As the unknowns surrounding COVID-19 drag on, the times feel overwhelming for many business leaders. Or, to use my nomenclature, many of us feel we’re stuck in the proverbial alligator pit.
How do we keep our sanity and stay out of the swamp during this period of uncertainty? Though many of us are facing life-changing circumstances, a good starting point is to consciously shift from a fixed mindset of fear and negativity to one of empowerment, opportunity, and unexpected outcomes. With an energized growth mindset, you can say “bye bye” to those gators when they come a-snapping.
Here are seven tips that will help you shift to that mindset as our world reopens—and get out, stay out, and move on from that dreaded pit.
1. Deepen Connections with Others
We are wired to want to be cared about and connect with others. Write down a list of family members, friends, and business associates with whom you haven’t connected in a while, then reach out and reignite relationships.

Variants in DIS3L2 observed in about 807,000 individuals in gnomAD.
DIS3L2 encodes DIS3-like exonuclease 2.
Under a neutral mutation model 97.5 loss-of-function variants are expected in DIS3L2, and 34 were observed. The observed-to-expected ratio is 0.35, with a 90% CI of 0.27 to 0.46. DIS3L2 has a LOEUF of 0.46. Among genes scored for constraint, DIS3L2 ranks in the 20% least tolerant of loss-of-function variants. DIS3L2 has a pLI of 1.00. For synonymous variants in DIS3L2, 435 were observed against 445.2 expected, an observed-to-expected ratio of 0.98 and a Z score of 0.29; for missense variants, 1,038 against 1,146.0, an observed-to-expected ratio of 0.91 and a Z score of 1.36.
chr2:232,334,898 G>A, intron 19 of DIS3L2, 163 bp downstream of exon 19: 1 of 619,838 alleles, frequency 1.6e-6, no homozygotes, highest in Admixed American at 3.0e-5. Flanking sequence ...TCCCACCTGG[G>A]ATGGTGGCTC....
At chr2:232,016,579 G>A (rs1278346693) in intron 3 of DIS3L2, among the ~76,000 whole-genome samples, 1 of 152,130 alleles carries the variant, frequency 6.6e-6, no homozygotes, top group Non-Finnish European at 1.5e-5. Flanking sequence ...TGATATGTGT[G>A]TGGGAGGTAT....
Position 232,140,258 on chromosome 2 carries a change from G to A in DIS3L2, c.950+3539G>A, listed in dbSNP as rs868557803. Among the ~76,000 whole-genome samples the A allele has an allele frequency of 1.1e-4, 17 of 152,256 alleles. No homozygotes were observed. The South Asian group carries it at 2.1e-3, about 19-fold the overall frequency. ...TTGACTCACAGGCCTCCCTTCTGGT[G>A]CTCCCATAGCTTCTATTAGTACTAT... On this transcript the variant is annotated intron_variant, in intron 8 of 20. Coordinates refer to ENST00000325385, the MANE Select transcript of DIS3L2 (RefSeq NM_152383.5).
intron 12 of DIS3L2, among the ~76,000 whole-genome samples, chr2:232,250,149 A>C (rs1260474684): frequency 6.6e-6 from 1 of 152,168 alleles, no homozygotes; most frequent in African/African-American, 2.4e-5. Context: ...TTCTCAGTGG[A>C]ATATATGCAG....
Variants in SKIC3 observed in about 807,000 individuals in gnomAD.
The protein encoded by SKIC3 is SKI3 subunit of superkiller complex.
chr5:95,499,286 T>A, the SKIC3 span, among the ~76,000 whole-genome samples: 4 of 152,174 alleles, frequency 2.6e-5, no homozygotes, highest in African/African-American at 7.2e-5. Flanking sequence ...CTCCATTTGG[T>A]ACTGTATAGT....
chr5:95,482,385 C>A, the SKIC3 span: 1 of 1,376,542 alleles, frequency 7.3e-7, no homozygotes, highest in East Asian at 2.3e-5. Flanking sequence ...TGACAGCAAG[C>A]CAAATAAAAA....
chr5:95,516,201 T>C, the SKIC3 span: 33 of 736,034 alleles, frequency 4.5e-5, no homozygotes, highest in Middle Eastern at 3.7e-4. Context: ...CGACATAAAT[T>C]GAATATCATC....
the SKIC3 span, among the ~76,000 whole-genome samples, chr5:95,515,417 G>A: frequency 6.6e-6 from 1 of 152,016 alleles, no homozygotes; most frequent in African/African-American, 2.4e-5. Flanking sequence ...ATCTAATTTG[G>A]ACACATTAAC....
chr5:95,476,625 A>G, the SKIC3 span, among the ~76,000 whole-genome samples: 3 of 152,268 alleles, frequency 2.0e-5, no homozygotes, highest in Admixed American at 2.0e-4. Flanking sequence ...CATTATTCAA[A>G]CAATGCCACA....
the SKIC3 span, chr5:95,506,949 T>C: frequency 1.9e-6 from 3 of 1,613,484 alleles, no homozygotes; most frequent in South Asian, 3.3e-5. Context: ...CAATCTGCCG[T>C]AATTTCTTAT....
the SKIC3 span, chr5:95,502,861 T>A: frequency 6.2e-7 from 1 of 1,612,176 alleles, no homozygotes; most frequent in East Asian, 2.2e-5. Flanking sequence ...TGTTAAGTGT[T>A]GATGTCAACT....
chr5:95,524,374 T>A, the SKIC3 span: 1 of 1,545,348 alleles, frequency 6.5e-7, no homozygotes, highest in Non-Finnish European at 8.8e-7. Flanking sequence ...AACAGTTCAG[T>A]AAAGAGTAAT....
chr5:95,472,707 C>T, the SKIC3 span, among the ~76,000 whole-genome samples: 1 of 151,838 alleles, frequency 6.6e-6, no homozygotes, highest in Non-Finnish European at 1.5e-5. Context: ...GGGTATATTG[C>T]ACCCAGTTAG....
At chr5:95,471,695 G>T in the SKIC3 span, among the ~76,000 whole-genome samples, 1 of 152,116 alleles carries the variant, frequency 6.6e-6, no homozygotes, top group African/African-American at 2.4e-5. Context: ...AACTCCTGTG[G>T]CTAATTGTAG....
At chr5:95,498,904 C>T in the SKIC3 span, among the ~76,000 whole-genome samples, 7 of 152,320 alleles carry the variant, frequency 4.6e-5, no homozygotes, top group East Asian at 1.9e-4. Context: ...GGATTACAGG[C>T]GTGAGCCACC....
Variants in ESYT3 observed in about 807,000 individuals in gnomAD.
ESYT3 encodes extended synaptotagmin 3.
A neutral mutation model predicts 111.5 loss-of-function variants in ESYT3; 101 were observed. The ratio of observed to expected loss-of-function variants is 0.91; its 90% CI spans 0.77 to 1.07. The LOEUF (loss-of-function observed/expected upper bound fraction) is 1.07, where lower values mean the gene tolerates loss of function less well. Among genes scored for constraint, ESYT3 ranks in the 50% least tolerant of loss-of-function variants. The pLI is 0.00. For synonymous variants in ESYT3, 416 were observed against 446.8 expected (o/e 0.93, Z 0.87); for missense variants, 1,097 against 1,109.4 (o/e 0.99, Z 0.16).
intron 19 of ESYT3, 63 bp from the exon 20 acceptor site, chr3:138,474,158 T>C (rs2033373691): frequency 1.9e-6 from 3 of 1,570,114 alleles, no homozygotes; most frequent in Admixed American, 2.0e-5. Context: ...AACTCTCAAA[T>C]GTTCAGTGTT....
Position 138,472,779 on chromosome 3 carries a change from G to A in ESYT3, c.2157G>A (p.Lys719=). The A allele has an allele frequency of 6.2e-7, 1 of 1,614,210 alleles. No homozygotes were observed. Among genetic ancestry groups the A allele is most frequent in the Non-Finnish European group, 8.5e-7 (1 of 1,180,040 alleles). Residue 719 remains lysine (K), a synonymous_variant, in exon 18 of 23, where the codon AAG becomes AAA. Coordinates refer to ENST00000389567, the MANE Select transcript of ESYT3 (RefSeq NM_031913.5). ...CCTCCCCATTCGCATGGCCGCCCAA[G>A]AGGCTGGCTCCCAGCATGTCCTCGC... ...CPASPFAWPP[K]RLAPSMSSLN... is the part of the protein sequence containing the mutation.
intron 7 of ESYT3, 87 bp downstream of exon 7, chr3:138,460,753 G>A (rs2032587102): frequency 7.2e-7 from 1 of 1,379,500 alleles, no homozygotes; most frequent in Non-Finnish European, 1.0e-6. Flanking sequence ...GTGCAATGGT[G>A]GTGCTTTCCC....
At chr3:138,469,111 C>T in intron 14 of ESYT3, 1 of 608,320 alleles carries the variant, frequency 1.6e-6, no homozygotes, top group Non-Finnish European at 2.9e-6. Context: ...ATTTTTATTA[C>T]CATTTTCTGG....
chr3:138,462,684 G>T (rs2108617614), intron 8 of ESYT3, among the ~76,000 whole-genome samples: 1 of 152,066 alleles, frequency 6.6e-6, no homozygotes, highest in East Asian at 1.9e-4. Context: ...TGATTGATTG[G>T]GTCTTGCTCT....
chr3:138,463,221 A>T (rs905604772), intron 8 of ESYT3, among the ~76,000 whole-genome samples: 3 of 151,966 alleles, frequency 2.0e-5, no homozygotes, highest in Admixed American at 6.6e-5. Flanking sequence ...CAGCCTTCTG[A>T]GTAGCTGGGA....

One of my coaching clients has committed to making 10 calls a day to check in on business and personal contacts. She says that during this season of uncertainty, she is looking for opportunities to help her connections. In doing so, she knows that she helps herself as well.
For me, I’m offering organizations a free online presentation that elaborates on the tips in this article. I want to help leaders keep their teams connected and ready to move forward as the opening continues, and this is one way I can do that, deepening my connections with my business contacts in the process. I’m also reaching out on the personal side; I recently reconnected with my best friend from my Los Angeles days, and we had a lovely conversation.
2. Support Your Community
When we think of others, we forget about our own issues. Like many of us, you’re probably supporting your favorite local restaurants, and tipping well for drop-offs. But you can also make the effort to get even more deeply involved.